Wildfires continued to expand across the North Carolina mountains on Monday, with 15 active fires engulfing nearly 44,000 acres and little headway made on controlling many of them.
Nearly 1,600 firefighters are battling blazes that have cost more than $10 million, state officials said. About 1,000 people have been driven from their homes by wildfires, authorities estimated.
Gov. Pat McCrory visited Lake Lure on Monday to inspect damage from the Party Rock fire, which has burned 2,450 acres but is only 15 percent contained. He said that the state could be dealing with wildfire issues through the winter and into spring and urged patience.
“People just expect this to be dealt with immediately, but God doesn’t do that,” McCrory said. “This is going to be a very difficult challenge.”
Thirty mountain counties are in drought, and federal forecasts predict dry weather in the western Carolinas will persist through at least January.
Keeping people and structures safe remains a state priority. Since late October, wildfires have destroyed two structures, damaged one and threatened 1,780 others, officials said.
Smoke from the fires could damage mountain residents’ lungs, the state Air Quality Division said Monday.
State forecasters expect Code Purple conditions Tuesday – very unhealthy air – for Cherokee, Clay, Graham and Macon counties in the state’s southwestern corner. Code Red, or generally unhealthy air, is expected for much of the rest of the mountains and the foothills.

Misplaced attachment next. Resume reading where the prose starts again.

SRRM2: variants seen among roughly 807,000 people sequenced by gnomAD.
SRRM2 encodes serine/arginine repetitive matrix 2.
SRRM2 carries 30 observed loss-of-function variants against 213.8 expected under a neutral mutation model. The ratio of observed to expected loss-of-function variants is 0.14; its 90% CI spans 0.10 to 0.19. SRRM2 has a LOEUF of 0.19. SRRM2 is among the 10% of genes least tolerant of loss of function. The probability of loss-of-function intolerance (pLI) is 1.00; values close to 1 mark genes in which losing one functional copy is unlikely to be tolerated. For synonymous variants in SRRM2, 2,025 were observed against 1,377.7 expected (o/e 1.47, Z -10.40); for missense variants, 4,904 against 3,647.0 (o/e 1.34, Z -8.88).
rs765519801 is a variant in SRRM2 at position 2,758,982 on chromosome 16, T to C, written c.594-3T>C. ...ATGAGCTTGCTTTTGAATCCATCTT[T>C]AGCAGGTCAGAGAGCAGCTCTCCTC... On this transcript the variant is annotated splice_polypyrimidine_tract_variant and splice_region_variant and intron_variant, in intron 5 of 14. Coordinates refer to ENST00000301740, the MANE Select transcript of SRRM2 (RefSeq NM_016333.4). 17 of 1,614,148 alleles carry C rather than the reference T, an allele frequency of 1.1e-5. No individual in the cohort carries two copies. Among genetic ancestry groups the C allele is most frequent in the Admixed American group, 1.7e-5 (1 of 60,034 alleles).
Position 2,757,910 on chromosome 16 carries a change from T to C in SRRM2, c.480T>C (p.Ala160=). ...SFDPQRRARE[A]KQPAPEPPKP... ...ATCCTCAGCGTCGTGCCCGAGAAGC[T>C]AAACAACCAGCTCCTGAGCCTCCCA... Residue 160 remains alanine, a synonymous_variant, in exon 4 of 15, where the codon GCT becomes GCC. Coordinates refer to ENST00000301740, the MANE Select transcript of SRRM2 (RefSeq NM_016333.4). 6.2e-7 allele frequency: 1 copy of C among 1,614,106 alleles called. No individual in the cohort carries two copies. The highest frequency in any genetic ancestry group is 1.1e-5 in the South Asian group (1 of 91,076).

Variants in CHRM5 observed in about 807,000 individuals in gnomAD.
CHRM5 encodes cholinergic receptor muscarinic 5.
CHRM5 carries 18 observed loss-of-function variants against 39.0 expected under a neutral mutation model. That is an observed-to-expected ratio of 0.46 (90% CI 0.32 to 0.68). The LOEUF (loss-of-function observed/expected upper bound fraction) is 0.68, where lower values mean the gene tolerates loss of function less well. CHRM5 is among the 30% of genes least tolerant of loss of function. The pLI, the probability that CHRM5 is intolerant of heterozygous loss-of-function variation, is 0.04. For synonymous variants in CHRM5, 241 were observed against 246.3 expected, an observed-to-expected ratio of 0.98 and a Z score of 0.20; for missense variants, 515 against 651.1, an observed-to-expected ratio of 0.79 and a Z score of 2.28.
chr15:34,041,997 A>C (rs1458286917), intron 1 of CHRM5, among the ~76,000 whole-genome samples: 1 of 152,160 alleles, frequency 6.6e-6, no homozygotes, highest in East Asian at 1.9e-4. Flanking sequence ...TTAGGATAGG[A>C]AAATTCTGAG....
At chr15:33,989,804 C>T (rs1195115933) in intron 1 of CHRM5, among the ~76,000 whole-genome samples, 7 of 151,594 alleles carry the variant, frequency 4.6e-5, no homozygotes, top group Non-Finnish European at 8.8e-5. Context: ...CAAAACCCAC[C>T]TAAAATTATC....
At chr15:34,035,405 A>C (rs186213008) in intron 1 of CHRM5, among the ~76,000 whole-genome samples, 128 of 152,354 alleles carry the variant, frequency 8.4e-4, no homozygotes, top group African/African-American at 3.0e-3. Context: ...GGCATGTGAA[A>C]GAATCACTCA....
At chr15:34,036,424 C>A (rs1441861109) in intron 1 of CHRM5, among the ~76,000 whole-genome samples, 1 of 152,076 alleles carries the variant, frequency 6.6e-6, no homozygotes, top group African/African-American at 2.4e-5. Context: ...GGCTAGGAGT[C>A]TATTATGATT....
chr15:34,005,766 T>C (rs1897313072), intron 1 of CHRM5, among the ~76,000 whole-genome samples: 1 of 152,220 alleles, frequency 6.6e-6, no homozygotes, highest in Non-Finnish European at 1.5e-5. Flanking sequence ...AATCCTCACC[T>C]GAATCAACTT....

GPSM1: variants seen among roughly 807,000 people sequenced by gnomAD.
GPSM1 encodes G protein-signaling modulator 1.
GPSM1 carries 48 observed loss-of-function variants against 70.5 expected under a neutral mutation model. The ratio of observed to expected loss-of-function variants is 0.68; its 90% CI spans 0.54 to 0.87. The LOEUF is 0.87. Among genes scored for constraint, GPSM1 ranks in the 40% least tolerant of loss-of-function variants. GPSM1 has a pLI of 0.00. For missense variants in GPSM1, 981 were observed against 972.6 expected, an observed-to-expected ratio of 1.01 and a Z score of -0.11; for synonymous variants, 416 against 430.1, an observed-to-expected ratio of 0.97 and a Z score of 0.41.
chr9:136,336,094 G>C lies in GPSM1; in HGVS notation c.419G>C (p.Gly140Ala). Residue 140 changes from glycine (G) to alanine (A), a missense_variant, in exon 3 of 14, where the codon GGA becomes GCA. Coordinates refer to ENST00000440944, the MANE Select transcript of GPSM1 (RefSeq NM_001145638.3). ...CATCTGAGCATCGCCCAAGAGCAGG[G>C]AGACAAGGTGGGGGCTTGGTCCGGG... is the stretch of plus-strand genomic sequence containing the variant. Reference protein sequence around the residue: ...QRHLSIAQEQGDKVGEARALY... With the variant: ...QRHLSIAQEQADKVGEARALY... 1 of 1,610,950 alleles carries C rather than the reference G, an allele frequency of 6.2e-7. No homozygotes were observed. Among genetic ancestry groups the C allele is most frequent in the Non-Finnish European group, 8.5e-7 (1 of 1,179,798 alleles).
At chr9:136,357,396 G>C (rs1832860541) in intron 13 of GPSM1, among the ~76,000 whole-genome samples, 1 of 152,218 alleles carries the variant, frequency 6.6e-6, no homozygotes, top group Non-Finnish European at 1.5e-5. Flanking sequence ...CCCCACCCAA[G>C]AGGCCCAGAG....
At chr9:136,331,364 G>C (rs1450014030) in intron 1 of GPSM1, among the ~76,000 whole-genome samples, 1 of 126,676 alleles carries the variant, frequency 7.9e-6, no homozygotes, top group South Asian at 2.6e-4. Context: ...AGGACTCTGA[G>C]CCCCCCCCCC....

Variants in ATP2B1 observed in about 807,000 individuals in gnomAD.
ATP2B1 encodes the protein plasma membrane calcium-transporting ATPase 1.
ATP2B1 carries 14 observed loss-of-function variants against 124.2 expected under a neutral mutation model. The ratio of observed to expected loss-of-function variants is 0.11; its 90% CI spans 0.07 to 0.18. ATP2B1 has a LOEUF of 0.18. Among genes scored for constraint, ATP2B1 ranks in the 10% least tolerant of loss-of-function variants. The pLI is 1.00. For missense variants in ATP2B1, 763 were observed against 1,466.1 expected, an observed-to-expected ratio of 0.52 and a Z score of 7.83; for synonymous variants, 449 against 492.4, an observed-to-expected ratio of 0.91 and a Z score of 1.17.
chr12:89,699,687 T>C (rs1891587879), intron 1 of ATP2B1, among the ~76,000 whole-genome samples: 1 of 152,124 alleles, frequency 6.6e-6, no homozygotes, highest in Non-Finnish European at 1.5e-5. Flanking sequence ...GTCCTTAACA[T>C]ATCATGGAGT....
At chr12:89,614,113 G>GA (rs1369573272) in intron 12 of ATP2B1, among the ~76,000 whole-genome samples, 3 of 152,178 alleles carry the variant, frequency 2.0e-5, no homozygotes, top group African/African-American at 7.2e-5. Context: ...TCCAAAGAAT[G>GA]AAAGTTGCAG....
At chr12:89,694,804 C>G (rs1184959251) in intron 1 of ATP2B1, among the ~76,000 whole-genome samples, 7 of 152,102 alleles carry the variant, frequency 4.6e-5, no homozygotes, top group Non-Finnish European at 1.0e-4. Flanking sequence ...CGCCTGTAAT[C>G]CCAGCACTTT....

Potentially unhealthy levels of smoke drifted into Charlotte last Friday morning.
“People should be aware of air quality in their area, as conditions can vary widely,” said Mike Abraczinskas, deputy air-quality director. “If you observe low visibility due to smoke, then the air is probably unhealthy to breathe and you should limit your time outdoors.”
High levels of fine particles in smoke can make it harder to breathe, aggravate respiratory conditions and irritate the lungs in healthy individuals. People with chronic lung ailments and children should reduce physical exertion and outdoor activity, the state said.
On Saturday, the Federal Emergency Management Association approved McCrory’s request to pay for 75 percent of the emergency protective measures taken in fighting the fires, such as equipment use. McCrory declared a state of emergency in 25 counties last week.
Among the major fires torching the mountains:
Tellico in Macon and Swain counties; 13,676 acres burned; 39 percent contained.
Party Rock in Rutherford County; 3,457 acres; 15 percent contained.
Boteler in Clay County; 8,695 acres; 37 percent contained.
Maple Springs in Graham County; 7,177 acres; 15 percent contained.
Chestnut Knob in Burke County; 2,850 acres; 15 percent contained.
Staff writer Mark Washburn contributed.